Local Mayors Jim Matherly, Bryce Ward and Mike Welch have come out against Ballot Measure 1, known as the Fair Share Act, which would increase oil and gas production taxes from a minimum of 0%-4% to 10% for the state’s three largest oil fields on the North Slope.
Alaska voters will approve or reject the ballot question on Nov. 3.
The mayors are concerned about a negative impact on the local economy, according to a news release provided by Genevieve Bell, vice president at Flowline Alaska, based in Fairbanks.
Bell is active with the group OneALASKA, which is fighting the proposed tax increase. The group’s top three contributors are ConocoPhillips Alaska, BP Alaska and Hilcorp.
The mayors of the city of Fairbanks, the Fairbanks North Star Borough and the city of North Pole confirmed their opposition to the ballot measure via text message Friday, emphasizing that this is their personal opinions.
The mayors each had a prepared statement in the news release provided by Bell.
Ward, who is chairman of the borough Economic Development Commission, is concerned about the timing for a “massive tax increase.” The economy is already stalled and suffering due to COVID-19, he said.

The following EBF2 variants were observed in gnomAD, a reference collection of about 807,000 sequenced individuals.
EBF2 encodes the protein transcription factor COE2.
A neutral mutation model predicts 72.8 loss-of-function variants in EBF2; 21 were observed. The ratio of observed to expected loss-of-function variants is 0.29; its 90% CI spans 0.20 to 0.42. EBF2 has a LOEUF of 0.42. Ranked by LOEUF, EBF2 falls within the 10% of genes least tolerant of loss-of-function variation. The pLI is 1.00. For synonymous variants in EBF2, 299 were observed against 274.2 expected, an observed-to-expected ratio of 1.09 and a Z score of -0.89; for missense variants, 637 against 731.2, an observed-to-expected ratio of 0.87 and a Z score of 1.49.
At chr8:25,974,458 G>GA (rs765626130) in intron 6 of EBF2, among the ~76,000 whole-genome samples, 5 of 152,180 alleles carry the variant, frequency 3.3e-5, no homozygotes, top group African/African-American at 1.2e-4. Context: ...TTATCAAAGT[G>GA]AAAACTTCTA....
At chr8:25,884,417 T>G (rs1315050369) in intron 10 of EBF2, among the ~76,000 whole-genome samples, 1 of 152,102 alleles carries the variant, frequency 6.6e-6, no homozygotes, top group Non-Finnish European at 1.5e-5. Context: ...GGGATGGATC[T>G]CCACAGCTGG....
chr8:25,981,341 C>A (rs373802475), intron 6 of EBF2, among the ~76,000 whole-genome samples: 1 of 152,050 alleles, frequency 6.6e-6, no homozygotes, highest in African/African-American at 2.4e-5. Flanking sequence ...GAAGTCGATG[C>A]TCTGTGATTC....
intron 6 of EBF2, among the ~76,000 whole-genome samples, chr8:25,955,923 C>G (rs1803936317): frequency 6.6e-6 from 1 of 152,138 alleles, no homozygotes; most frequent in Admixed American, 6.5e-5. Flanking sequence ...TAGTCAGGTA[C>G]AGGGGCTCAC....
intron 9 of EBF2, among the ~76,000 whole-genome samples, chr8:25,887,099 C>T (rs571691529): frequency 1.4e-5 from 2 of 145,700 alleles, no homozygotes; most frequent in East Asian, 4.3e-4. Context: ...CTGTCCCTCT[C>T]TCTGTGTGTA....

“We desperately need more investment in our state, not less,” he said in the prepared statement. “Ballot Measure 1 will make an already grim situation worse.”
Matherly agreed, adding that local jobs would be lost.
“Ballot Measure 1 would deliver a gut punch to Fairbanks when we’re already on our economic knees,” according to his prepared statement.
Welch said that overtaxing the oil industry cost North Pole dearly after the Flint Hills Resources refinery closed.
“We have experienced firsthand the consequences of pushing industry too far,” he said in the news release. “Overtaxing the industry cost North Pole 175 good-paying jobs when the refinery closed six years ago. We lost more than $10 million in payroll overnight.”
A group called Vote Yes for Alaska’s Fair Share, led by Robin Brena, an Anchorage attorney, and Democratic state lawmakers, is supporting the ballot measure.
The Alaska Department of Revenue estimated that if oil production is stable, at $45 a barrel, annual oil production taxes would triple from $191 million to $564 million if Ballot Measure 1 is approved, Alaska Public Media reported.
Contact staff writer Amanda Bohman at 459-7545. Follow her on Twitter: @FDNMborough.